Film in the Time of a Pandemic

“Cinema is a matter of what’s in the frame and what’s out.” – Martin Scorsese

The film industry and cinematography can be traced back to the end of 19th century America. From its origin, it has continued to expand and produce a multitude of major motion-pictures. U.S. cinema in particular, most specifically Hollywood, has had a sweeping global effect and has dominated the film industry, providing entertainment and influencing our culture throughout the years. However, this has all come to a halt at the hands of our current pandemic, the coronavirus.

Although the production of films and series has begun to return, it does not go without extreme caution. Shooting locations are restricted, and crew members are divided into pods and have little association with each other, limiting the function of wardrobe and lighting departments. Cast and crew members are tested and divided into zones, hindering communication, direction, and even disrupting the formation of relationships and bonds between actors off-screen. Though these changes may not seem major, they are sure to translate on-screen and in the final products. 

Many Hollywood writers, executives, and producers believe that the world of entertainment will shift dramatically, as well as what Americans watch and when they will watch it. Will movies be set during the time of the pandemic, or will directors choose to set films in the past, as producer Lucas Foster predicted in The Washington Post? “In shutdown, a glimpse of life without movie theaters.” The marquee for the Iowa Theater, closed in response to the coronavirus outbreak, is seen on John Wayne Drive, Wednesday, April 1, 2020, in Winterset, Iowa. (AP Photo/Charlie Neibergall)

Creating and developing a film requires hundreds of people; whether it is for soundtracks, outfits, or editing/ post production, each member is valuable to the process. In order to effectively create a movie, members of crews and departments must communicate and work together. However, extras and low paid workers have lately had little interest in being a part of this process, as they claim that the low payment is not worth risking their health, and many don’t want to be held accountable for the spread of the virus.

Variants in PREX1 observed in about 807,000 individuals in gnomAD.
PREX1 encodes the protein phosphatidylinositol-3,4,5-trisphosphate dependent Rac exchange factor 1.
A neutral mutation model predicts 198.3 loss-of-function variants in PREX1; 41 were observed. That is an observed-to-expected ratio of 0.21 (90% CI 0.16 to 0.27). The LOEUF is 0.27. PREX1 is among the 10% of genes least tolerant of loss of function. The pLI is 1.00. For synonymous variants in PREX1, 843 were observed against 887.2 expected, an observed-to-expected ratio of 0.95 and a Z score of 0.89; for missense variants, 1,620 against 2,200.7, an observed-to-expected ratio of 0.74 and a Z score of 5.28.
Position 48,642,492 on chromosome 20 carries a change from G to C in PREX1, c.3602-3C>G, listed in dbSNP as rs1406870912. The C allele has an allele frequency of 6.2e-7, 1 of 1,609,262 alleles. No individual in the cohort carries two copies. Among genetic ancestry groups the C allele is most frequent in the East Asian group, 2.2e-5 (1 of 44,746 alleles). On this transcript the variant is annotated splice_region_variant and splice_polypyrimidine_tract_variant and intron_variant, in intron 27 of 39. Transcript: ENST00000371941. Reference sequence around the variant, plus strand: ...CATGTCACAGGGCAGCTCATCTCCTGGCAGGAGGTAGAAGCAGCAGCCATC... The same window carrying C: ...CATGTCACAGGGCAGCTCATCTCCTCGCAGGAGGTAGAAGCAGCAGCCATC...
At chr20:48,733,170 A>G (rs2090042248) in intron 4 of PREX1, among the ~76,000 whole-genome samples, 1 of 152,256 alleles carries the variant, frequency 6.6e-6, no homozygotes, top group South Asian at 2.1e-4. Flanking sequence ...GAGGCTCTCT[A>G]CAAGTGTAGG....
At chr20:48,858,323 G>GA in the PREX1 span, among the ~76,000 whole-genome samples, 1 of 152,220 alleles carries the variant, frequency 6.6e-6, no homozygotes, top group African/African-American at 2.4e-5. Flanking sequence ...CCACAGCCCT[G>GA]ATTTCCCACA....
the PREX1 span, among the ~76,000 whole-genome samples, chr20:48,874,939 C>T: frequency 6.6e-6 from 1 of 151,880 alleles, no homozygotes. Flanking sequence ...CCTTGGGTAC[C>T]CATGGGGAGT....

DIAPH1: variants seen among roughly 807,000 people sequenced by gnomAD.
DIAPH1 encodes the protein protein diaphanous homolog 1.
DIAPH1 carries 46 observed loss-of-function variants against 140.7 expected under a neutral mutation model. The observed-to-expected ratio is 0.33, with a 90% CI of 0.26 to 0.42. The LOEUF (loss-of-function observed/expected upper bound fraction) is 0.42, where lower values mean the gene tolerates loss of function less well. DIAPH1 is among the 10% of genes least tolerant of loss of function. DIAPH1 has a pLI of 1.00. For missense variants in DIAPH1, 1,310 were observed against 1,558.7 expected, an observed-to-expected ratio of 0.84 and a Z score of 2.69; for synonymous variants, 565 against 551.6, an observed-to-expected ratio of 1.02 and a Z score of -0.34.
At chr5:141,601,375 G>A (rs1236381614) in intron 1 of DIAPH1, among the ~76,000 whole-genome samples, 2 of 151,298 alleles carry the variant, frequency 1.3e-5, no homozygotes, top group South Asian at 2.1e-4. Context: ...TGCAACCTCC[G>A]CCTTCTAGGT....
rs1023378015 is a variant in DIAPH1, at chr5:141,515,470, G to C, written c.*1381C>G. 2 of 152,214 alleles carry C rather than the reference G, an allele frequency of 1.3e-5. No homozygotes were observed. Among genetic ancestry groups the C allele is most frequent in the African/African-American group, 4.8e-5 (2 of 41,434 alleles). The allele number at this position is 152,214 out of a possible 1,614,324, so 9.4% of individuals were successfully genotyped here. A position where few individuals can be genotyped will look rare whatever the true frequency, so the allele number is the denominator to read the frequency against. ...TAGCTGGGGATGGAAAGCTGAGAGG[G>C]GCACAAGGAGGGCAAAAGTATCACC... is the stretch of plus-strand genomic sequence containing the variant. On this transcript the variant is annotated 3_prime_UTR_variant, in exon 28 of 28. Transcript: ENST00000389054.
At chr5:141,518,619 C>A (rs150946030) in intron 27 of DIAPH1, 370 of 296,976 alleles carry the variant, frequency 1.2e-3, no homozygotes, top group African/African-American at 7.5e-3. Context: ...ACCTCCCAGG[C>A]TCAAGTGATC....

Actors as well have had little opportunity for exposure during this time, as they don’t want to risk the health of others. A-list actors such as Tom Hanks and Dwayne “The Rock” Johnson have both tested positive for the virus. Even English actor Robert Pattinson had contracted it, halting the production and filming on the Warner Bros.’ much anticipated film, The Batman.

The quality of movies will inevitably be cut back as well. Restrictions on location and proximity put a strain on directors and producers, and therefore a strain on their execution and vision of the film. Foster, producer for the upcoming Children of the Corn, is one of the first to make a movie during the outbreak, but that included many drawbacks. 

Foster claimed for The Washington Post, “I had to figure out how to do a crowd with no more than a few people at the same time. And with very specific camera angles…In the end, I’d get the scene I needed but it looked different than it would have before the pandemic.” Some crowds in his film even had to be computer generated. 

All of these safety provisions have been said to add up in cost; money that should’ve gone into the movie went into safeguards instead, resulting in a lower-end product. Many scenes between actors have had to be scrapped altogether and replaced with alternates, and romantic scenes may be hard to come by.

And once these films are finished, how will the public access them? Traditionally, studios release their films to movie theaters prior to public access. To stay in business, various movie theater locations have implemented different policies. Some states like Iowa and South Carolina have limited seating and sales to 50% capacity, others have suggested staggered seating, and some have even thought to implement more drastic measures like plastic screens. 

However, some studios are cutting out movie theaters altogether and are opting to premier movies directly in viewers’ homes. Disney’s Mulan, which had been rescheduled to release several times over the course of the pandemic, eventually premiered on Disney+ for a price of $29.99. 

While some films may be following a similar trend, other movies have just been pushed back altogether. However, if studios find success by cutting out the movie theater, the theater-going process America has grown up with since the start of the 20th century might become archaic. 

Overall, it is safe to say that the pandemic has significantly altered the traditions of the film industry, therefore impacting the entertainment and culture of this generation, and ignoring cinematic practices that have been used for decades.